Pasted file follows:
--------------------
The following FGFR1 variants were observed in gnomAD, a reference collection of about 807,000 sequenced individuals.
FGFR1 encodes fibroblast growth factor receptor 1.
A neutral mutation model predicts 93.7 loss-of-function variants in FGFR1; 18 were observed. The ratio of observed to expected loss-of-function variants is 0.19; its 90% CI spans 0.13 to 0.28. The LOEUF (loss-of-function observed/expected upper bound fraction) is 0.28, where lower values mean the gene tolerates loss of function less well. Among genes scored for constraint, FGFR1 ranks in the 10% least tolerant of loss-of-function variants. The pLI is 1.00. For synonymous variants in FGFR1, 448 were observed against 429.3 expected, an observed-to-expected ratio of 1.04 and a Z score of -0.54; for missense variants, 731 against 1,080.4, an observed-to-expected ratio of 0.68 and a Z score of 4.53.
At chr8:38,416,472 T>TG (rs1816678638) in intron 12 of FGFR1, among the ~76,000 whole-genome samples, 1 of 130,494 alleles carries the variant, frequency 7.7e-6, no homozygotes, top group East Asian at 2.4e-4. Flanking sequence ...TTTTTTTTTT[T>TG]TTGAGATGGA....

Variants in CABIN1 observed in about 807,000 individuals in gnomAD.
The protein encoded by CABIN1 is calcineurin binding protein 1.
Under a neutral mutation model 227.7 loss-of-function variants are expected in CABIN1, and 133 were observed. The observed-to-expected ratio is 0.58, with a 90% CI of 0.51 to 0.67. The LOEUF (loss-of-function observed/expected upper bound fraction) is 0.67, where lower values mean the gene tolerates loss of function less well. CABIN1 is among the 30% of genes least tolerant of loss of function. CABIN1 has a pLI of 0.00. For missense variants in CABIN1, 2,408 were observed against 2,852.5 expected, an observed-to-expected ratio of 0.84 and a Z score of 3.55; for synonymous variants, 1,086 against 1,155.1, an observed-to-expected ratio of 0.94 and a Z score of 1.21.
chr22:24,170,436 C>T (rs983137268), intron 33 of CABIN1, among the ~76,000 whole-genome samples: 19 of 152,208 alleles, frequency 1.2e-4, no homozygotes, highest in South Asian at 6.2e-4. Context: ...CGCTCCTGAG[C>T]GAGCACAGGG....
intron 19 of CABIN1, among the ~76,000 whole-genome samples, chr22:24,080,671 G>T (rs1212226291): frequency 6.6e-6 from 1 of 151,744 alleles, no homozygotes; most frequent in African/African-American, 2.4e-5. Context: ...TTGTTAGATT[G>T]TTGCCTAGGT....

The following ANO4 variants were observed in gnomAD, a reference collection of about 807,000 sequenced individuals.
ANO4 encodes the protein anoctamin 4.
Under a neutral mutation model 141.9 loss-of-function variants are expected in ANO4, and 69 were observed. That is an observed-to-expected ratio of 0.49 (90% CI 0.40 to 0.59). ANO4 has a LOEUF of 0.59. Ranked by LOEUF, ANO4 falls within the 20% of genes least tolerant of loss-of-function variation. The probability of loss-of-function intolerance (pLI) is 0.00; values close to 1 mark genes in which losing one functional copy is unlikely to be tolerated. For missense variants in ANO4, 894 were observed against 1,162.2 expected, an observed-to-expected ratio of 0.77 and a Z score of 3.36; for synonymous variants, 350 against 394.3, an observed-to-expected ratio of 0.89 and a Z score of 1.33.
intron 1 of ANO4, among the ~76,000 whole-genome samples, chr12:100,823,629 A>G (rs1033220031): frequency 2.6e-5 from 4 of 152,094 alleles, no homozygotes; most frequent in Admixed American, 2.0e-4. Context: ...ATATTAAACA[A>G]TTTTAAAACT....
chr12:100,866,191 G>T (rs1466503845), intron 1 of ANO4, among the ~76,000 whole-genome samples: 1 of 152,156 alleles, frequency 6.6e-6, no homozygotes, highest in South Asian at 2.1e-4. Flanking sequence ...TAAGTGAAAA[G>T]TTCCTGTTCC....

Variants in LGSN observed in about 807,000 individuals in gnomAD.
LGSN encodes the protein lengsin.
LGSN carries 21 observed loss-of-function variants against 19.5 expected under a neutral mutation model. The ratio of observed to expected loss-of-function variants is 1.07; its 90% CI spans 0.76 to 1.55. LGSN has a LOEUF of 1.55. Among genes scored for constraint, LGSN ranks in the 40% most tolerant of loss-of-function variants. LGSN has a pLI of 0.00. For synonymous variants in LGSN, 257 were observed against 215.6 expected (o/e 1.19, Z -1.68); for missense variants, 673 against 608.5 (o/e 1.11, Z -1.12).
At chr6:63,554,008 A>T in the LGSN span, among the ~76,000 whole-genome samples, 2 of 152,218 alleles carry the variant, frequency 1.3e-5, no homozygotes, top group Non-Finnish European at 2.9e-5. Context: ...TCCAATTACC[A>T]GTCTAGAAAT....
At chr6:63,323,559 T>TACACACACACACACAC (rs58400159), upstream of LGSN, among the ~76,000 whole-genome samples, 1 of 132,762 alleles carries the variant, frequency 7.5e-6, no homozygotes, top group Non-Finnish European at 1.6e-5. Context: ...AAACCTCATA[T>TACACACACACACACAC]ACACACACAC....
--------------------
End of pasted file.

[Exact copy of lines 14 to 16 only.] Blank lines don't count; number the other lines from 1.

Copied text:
chr12:100,866,191 G>T (rs1466503845), intron 1 of ANO4, among the ~76,000 whole-genome samples: 1 of 152,156 alleles, frequency 6.6e-6, no homozygotes, highest in South Asian at 2.1e-4. Flanking sequence ...TAAGTGAAAA[G>T]TTCCTGTTCC....

Variants in LGSN observed in about 807,000 individuals in gnomAD.
LGSN encodes the protein lengsin.